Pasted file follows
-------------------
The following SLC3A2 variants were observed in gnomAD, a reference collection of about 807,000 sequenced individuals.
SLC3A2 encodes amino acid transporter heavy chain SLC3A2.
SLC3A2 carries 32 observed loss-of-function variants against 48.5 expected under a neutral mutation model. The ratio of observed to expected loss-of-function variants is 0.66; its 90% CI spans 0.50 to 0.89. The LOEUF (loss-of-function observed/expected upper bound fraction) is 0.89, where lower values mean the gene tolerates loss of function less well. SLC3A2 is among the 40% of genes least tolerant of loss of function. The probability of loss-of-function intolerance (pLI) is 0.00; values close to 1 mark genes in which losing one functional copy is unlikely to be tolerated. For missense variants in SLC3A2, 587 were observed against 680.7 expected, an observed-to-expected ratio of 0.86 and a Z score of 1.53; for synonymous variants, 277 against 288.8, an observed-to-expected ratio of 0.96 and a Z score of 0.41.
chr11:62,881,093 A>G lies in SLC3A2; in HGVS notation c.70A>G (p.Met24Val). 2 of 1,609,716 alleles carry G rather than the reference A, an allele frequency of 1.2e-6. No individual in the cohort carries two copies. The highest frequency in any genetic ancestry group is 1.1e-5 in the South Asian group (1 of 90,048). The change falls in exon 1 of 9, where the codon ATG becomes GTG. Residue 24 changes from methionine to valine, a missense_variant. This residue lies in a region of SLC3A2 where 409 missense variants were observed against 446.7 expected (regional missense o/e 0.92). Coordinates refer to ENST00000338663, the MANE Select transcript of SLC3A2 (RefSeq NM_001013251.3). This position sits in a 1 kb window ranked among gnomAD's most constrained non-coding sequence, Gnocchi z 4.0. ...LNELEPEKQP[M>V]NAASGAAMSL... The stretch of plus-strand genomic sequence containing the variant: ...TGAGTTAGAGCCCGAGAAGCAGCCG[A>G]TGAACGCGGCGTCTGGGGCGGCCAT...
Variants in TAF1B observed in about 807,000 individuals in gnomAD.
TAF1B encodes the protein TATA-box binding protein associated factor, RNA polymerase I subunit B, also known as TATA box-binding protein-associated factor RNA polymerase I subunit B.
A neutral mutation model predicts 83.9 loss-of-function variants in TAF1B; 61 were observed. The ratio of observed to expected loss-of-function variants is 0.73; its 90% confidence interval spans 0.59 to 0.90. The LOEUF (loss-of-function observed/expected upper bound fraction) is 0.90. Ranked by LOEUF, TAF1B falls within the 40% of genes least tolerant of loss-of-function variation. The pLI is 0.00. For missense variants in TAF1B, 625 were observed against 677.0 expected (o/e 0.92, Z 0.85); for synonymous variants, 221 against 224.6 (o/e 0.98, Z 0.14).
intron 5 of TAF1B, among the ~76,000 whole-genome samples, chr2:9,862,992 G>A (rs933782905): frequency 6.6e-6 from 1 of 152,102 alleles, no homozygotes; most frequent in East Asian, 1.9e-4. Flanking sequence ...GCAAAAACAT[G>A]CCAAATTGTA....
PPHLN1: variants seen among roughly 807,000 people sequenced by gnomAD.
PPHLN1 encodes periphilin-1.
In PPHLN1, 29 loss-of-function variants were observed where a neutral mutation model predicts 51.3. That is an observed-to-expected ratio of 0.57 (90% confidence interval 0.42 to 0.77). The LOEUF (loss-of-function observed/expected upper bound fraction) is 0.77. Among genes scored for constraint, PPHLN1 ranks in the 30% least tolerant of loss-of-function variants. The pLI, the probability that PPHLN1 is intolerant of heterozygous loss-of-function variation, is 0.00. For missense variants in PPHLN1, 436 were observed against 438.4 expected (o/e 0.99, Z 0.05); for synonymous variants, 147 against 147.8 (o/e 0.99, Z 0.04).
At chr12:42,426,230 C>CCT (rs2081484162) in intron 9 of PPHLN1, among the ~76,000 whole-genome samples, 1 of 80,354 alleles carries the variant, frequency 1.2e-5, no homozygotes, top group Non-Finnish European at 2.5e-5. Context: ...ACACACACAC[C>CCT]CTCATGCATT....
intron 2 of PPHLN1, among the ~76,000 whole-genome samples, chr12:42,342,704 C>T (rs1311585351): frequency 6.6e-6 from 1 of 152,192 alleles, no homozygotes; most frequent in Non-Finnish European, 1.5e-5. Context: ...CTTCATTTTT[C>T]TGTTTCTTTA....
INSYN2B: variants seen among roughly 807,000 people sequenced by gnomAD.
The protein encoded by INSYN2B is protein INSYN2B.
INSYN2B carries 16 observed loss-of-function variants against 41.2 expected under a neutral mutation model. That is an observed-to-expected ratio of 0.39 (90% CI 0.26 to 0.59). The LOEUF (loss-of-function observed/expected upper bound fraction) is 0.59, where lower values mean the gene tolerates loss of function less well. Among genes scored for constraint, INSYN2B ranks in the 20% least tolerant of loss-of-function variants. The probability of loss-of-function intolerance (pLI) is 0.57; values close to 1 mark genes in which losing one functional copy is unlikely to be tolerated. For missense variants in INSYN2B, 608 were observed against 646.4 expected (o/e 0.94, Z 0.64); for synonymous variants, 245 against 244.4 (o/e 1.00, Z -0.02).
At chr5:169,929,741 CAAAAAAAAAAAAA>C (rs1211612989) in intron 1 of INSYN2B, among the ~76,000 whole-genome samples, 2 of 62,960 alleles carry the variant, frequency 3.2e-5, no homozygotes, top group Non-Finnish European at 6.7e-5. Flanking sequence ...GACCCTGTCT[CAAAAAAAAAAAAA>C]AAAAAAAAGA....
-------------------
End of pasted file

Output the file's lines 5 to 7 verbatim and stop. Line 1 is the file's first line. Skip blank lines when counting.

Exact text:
Variants in TAF1B observed in about 807,000 individuals in gnomAD.
TAF1B encodes the protein TATA-box binding protein associated factor, RNA polymerase I subunit B, also known as TATA box-binding protein-associated factor RNA polymerase I subunit B.
A neutral mutation model predicts 83.9 loss-of-function variants in TAF1B; 61 were observed. The ratio of observed to expected loss-of-function variants is 0.73; its 90% confidence interval spans 0.59 to 0.90. The LOEUF (loss-of-function observed/expected upper bound fraction) is 0.90. Ranked by LOEUF, TAF1B falls within the 40% of genes least tolerant of loss-of-function variation. The pLI is 0.00. For missense variants in TAF1B, 625 were observed against 677.0 expected (o/e 0.92, Z 0.85); for synonymous variants, 221 against 224.6 (o/e 0.98, Z 0.14).